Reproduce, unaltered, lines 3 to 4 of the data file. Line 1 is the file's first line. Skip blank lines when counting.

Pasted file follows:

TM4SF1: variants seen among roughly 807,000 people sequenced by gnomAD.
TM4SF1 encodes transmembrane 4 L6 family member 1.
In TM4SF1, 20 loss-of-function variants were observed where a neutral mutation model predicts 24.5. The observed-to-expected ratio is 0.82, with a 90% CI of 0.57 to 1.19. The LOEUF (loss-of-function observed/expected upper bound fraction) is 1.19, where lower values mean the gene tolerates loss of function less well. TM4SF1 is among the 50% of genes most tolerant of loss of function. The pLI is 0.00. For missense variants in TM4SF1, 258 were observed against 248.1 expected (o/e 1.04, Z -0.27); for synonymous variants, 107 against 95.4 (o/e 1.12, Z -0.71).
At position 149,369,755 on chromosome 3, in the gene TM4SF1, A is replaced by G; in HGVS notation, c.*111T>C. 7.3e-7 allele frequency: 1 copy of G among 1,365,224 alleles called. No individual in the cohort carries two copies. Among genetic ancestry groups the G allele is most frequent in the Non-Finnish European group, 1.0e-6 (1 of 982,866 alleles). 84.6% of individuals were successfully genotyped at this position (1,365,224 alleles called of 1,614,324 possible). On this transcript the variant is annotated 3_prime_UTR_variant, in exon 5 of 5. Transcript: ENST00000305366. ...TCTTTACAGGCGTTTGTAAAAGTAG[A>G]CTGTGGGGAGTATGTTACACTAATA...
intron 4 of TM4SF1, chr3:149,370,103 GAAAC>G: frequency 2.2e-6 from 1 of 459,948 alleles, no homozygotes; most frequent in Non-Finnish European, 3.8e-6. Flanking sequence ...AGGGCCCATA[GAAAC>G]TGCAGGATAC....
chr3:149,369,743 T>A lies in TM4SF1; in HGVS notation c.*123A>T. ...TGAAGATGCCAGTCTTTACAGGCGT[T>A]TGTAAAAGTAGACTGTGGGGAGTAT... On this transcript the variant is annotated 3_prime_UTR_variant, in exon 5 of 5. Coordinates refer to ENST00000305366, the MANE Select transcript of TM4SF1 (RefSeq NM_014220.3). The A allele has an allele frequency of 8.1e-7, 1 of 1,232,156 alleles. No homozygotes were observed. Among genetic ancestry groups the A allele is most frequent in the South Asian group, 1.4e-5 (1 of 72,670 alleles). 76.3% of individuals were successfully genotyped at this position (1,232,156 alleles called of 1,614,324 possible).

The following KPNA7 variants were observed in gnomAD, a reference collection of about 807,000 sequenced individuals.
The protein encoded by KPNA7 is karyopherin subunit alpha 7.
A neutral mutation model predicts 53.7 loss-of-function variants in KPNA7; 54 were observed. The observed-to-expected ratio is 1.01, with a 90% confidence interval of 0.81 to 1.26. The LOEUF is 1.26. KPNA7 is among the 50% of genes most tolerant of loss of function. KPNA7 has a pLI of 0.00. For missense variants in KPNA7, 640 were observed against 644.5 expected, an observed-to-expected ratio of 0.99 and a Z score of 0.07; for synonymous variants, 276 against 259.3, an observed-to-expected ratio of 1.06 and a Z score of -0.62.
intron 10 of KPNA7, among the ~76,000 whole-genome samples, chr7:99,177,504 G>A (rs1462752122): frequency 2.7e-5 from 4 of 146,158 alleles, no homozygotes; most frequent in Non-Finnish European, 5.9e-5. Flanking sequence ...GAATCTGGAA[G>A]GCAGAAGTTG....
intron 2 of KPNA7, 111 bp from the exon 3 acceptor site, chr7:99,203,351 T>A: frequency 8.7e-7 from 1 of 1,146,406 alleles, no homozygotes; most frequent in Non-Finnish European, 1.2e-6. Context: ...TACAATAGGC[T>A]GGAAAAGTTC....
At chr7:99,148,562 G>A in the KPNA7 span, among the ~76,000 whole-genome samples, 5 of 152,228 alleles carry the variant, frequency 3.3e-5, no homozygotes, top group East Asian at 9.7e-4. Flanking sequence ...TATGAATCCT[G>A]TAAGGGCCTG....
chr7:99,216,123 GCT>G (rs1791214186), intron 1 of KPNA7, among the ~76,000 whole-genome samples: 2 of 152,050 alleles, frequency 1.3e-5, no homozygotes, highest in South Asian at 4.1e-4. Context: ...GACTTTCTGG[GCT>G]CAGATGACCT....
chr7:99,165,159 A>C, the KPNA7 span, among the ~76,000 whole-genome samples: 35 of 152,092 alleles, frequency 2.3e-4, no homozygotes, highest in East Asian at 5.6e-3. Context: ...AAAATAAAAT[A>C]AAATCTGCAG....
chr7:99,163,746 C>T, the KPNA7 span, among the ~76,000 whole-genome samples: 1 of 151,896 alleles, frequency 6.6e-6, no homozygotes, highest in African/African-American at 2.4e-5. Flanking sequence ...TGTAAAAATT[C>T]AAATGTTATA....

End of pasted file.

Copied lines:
In TM4SF1, 20 loss-of-function variants were observed where a neutral mutation model predicts 24.5. The observed-to-expected ratio is 0.82, with a 90% CI of 0.57 to 1.19. The LOEUF (loss-of-function observed/expected upper bound fraction) is 1.19, where lower values mean the gene tolerates loss of function less well. TM4SF1 is among the 50% of genes most tolerant of loss of function. The pLI is 0.00. For missense variants in TM4SF1, 258 were observed against 248.1 expected (o/e 1.04, Z -0.27); for synonymous variants, 107 against 95.4 (o/e 1.12, Z -0.71).
At position 149,369,755 on chromosome 3, in the gene TM4SF1, A is replaced by G; in HGVS notation, c.*111T>C. 7.3e-7 allele frequency: 1 copy of G among 1,365,224 alleles called. No individual in the cohort carries two copies. Among genetic ancestry groups the G allele is most frequent in the Non-Finnish European group, 1.0e-6 (1 of 982,866 alleles). 84.6% of individuals were successfully genotyped at this position (1,365,224 alleles called of 1,614,324 possible). On this transcript the variant is annotated 3_prime_UTR_variant, in exon 5 of 5. Transcript: ENST00000305366. ...TCTTTACAGGCGTTTGTAAAAGTAG[A>G]CTGTGGGGAGTATGTTACACTAATA...